With this macro, I can save that much time in trying to find the data that I need to look at from 6,000 + number of rows. I’m still learning and have a long way to go with Visual Basic for Applications, but writing Excel macros is one of my favorite skills that I’ve developed in the last few years!

 

The Macro

With all of that said, here is the macro that I wrote from scratch with the help of my previous knowledge, google and some recording.

Sub Vendor_Scrub()

‘ Vendor_Scrub Macro

‘Copy the original sheet and rename sheets
Sheets(“Original Report”).Select
Sheets(“Original Report”).Copy Before:=Sheets(1)
Sheets(“Original Report (2)”).Select
Sheets(“Original Report (2)”).Name = “Updated Report”
Sheets(“Updated Report”).Select

‘Delete all extra unneeded columns.
Columns(“AR:AR”).Select
Selection.Delete

Columns(“AQ:AQ”).Select
Selection.Delete

Columns(“AP:AP”).Select
Selection.Delete

Columns(“AO:AO”).Select
Selection.Delete

Columns(“AN:AN”).Select
Selection.Delete

Columns(“AM:AM”).Select
Selection.Delete

Columns(“AL:AL”).Select
Selection.Delete

Columns(“AK:AK”).Select
Selection.Delete

Columns(“AJ:AJ”).Select
Selection.Delete

Columns(“AI:AI”).Select
Selection.Delete

Columns(“AH:AH”).Select
Selection.Delete

Columns(“AE:AE”).Select
Selection.Delete

Columns(“AD:AD”).Select
Selection.Delete

Columns(“AC:AC”).Select
Selection.Delete

Columns(“AB:AB”).Select
Selection.Delete

Columns(“AA:AA”).Select
Selection.Delete

Columns(“Z:Z”).Select
Selection.Delete

Columns(“Y:Y”).Select
Selection.Delete

Columns(“X:X”).Select
Selection.Delete

Columns(“V:V”).Select
Selection.Delete

Columns(“S:S”).Select
Selection.Delete

Columns(“R:R”).Select
Selection.Delete

Columns(“P:P”).Select
Selection.Delete

Columns(“O:O”).Select
Selection.Delete

Columns(“N:N”).Select
Selection.Delete

Columns(“M:M”).Select
Selection.Delete

Columns(“L:L”).Select
Selection.Delete

Columns(“K:K”).Select
Selection.Delete

Columns(“J:J”).Select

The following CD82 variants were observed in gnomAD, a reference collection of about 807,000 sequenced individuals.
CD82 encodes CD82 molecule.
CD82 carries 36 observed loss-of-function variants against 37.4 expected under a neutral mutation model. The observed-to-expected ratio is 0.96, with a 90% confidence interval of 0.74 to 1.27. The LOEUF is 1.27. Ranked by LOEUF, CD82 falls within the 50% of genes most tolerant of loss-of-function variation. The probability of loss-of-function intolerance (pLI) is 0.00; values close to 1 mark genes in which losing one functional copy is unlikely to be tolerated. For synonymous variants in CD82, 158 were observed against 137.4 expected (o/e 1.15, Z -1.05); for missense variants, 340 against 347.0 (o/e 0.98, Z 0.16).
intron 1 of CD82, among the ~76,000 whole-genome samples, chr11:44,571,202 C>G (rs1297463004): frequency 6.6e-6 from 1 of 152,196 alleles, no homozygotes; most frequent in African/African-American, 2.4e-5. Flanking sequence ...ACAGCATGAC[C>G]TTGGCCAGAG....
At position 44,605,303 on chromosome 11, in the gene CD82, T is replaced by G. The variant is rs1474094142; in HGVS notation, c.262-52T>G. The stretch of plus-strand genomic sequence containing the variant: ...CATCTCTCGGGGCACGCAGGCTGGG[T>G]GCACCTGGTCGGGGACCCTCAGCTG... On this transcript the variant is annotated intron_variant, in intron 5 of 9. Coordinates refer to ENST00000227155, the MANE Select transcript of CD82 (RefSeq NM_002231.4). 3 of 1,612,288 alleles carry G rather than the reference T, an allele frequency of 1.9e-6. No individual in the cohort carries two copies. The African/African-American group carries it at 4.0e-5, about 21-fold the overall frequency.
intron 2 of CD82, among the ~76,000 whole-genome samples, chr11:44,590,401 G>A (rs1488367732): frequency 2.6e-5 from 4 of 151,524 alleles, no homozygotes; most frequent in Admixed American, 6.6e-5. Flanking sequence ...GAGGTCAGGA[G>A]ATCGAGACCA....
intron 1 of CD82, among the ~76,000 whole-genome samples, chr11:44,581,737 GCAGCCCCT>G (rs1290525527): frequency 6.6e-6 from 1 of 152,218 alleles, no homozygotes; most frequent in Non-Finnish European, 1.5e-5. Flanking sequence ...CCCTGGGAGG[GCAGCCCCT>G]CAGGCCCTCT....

Selection.Delete

Columns(“I:I”).Select
Selection.Delete

Columns(“H:H”).Select
Selection.Delete

Columns(“G:G”).Select
Selection.Delete

Columns(“F:F”).Select
Selection.Delete

Columns(“E:E”).Select
Selection.Delete

Columns(“C:C”).Select
Selection.Delete

‘Select and Highligh all of the most important Column Headers
Range(“A1:O1”).Select
With Selection.Interior
.Pattern = xlSolid
.PatternColorIndex = xlAutomatic
.ThemeColor = xlThemeColorAccent5
.TintAndShade = 0.399975585192419
.PatternTintAndShade = 0
End With

‘Size all columns.

Cells.Select
Cells.EntireColumn.AutoFit

Range(“B:B,C:C,D:D,F:F,G:G,I:I,J:J”).Select
Selection.ColumnWidth = 18

‘Name new columns.

Range(“K1”).Select
ActiveCell.FormulaR1C1 = “Active, Check, 30-Days?”

Range(“L1”).Select
ActiveCell.FormulaR1C1 = “Balance Due?”

Range(“M1”).Select
ActiveCell.FormulaR1C1 = “Has E-mail?”

Range(“N1”).Select
ActiveCell.FormulaR1C1 = “New Vendor?”

Range(“O1”).Select
ActiveCell.FormulaR1C1 = “Previous Notes”

‘Update formula for Column K – Column O

Dim LastRowColumnA As Long
LastRowColumnA = Cells(Rows.Count, 1).End(xlUp).Row

Range(“K2:K” & LastRowColumnA).Formula = “=IFS(AND(RC[-10]=””active””,RC[-6]=””check””,RC[-2]>=(TODAY()-30)),TRUE)”

Range(“L2:L” & LastRowColumnA).Formula = “=IF(RC[-4]<>0,””Payments Due””,””No Payments””)”

Range(“M2:M” & LastRowColumnA).Formula = “=IF(OR(RC[-9]<>””””,RC[-7]<>””””),””E-mail Available””, “”No E-mail””)”

Range(“N2:N” & LastRowColumnA).Formula = “=IF(ISNUMBER(SEARCH(“”new vendor””,RC[-12])), “”Yes””, “”No””)”

‘Copy and Paste all formulas.

Columns(“K:O”).Select
Selection.Copy
Selection.PasteSpecial Paste:=xlPasteValues, Operation:=xlNone, SkipBlanks _
:=False, Transpose:=False

‘Save

ActiveWorkbook.Save

End Sub